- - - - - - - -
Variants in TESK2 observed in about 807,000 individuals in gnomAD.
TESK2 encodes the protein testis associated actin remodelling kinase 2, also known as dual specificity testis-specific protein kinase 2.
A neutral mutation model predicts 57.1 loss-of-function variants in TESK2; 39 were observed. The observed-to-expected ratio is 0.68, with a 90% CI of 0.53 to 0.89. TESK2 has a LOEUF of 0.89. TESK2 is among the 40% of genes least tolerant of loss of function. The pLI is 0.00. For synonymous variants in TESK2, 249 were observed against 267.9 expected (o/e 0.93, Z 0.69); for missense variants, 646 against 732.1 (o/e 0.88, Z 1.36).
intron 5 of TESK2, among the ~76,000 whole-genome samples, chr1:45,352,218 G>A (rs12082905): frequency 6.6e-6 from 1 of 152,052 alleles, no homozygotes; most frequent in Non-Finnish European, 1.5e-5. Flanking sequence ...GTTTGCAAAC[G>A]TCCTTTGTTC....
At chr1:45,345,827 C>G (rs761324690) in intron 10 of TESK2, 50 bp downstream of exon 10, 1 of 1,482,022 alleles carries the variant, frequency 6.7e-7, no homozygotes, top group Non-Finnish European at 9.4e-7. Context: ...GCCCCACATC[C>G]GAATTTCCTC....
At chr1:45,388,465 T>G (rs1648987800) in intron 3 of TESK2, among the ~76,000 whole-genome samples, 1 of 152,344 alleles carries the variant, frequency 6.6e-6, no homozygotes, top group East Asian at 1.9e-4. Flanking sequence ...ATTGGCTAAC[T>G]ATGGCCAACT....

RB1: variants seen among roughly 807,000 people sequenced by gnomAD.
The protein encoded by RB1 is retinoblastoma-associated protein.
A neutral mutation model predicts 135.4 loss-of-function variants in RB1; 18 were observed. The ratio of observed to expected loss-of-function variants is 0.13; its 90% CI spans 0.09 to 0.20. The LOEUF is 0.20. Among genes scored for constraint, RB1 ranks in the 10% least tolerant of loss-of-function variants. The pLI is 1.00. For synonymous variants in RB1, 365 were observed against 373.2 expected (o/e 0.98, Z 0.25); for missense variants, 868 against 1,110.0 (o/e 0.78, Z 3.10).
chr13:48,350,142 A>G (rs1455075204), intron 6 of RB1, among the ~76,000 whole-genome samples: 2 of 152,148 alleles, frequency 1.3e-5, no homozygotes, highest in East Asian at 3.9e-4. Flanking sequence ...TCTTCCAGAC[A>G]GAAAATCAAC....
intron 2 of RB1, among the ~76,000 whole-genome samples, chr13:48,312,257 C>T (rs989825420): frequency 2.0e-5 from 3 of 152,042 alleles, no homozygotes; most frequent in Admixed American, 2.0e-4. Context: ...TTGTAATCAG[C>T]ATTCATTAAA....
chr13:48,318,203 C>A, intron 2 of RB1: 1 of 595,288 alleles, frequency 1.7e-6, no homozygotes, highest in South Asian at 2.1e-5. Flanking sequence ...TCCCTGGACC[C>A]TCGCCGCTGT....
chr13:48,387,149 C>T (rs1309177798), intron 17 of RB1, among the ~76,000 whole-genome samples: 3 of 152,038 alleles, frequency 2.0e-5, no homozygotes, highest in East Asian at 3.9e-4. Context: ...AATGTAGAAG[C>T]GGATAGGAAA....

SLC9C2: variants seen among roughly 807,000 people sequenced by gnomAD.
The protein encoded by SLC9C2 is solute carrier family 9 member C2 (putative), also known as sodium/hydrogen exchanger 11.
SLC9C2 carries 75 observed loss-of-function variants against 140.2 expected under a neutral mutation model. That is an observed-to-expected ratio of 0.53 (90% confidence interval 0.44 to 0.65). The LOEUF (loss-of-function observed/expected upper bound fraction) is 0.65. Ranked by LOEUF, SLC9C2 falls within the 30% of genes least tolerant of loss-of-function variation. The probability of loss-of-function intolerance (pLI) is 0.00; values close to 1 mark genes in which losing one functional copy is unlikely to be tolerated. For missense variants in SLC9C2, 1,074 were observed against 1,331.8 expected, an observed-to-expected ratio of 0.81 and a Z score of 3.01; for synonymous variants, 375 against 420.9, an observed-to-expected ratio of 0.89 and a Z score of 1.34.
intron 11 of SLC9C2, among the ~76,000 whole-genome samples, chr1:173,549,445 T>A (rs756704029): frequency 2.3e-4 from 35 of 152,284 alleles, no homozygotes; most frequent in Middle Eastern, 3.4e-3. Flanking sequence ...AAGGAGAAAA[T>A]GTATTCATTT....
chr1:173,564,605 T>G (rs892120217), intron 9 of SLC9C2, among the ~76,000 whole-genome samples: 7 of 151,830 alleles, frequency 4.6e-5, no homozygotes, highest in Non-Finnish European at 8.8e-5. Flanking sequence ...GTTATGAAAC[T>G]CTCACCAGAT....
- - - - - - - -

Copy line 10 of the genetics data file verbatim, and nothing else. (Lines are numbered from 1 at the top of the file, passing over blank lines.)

chr13:48,350,142 A>G (rs1455075204), intron 6 of RB1, among the ~76,000 whole-genome samples: 2 of 152,148 alleles, frequency 1.3e-5, no homozygotes, highest in East Asian at 3.9e-4. Flanking sequence ...TCTTCCAGAC[A>G]GAAAATCAAC....